The Microsoft Researcher Recognition Program offers public thanks and recognition to security researchers who help protect our customers through discovering and sharing security vulnerabilities under Coordinated Vulnerability Disclosure.  Today, we are excited to recognize this year’s top 100 Most Valuable Researchers (MVRs) based on the total number of points earned for each valid report. Congratulations …

Congratulations to the MSRC 2022 Most Valuable Researchers! Read More »

Small-time cybercrime is about to explode — We aren't ready

8 August 2022 at 12:42

The cybersecurity industry tends to focus on extremely large-scale or sophisticated, state-sponsored attacks. Rightfully so, as it can be the most interesting, technically speaking.

When most people think of cybercrime they think of large-scale breaches because that's what dominates the headlines. However, the problem is much bigger. In 2021, the Internet Crime Complaint Center (IC3) received a staggering 847,376 complaints, with each victim losing a little more than $8,000 on average. Once you account for the high-value breaches, the true impact is even lower. The average person is far more likely to have their identity stolen or fall victim to some other sort of scam than be directly affected by a large-scale breach — and business is booming.

A deeper look at the data from IC3 shows that the amount of complaints and revenue being generated from cybercrime continues to rise. Interestingly there is a huge jump in cybercrime during the pandemic with a staggering increase of more than 60% in complaints between 2019 and 2020, with it increasing further in 2021. It's clear that cybercrime is on the rise, but what's driving it?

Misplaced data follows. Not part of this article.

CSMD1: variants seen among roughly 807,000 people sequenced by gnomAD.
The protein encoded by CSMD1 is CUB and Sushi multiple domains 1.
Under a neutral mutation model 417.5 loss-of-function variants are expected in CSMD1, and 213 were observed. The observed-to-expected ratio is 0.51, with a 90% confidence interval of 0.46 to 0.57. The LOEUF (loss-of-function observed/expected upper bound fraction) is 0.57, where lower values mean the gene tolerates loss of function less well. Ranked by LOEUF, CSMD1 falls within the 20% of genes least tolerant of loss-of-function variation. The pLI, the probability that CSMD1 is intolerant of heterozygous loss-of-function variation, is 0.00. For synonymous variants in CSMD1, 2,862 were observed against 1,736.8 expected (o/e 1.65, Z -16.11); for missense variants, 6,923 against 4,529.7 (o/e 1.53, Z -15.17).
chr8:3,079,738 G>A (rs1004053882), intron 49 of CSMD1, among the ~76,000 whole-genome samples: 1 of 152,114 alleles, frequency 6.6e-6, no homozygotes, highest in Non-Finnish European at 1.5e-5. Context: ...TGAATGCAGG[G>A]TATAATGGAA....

There have been a variety of reports that criminals are turning increasingly to cybercrime instead of traditional drug crimes, with which they were commonly associated in the past. This is both a blessing and a curse — it removes a lot of violence and crime from the streets but is adding a significant amount of pressure on local law enforcement. This is an international problem. Several recent reports highlight that this is also an issue in Italy and Spain.

There are cybercriminals everywhere and the U.S. is no exception. What's changed is who is involved. Historically, cybercrime was considered white-collar criminal behavior perpetrated by those that were knowledgeable and turned bad. Now, technology has become such an integral part of our lives that anyone with a smartphone and desire can get started in cybercrime. The growth of cryptocurrencies and associated anonymity, whether legitimate or not, has garnered the attention of criminals that formerly operated in traditional criminal enterprises and have now shifted to cybercrime and identity theft.

Cybercrime is a local law enforcement problem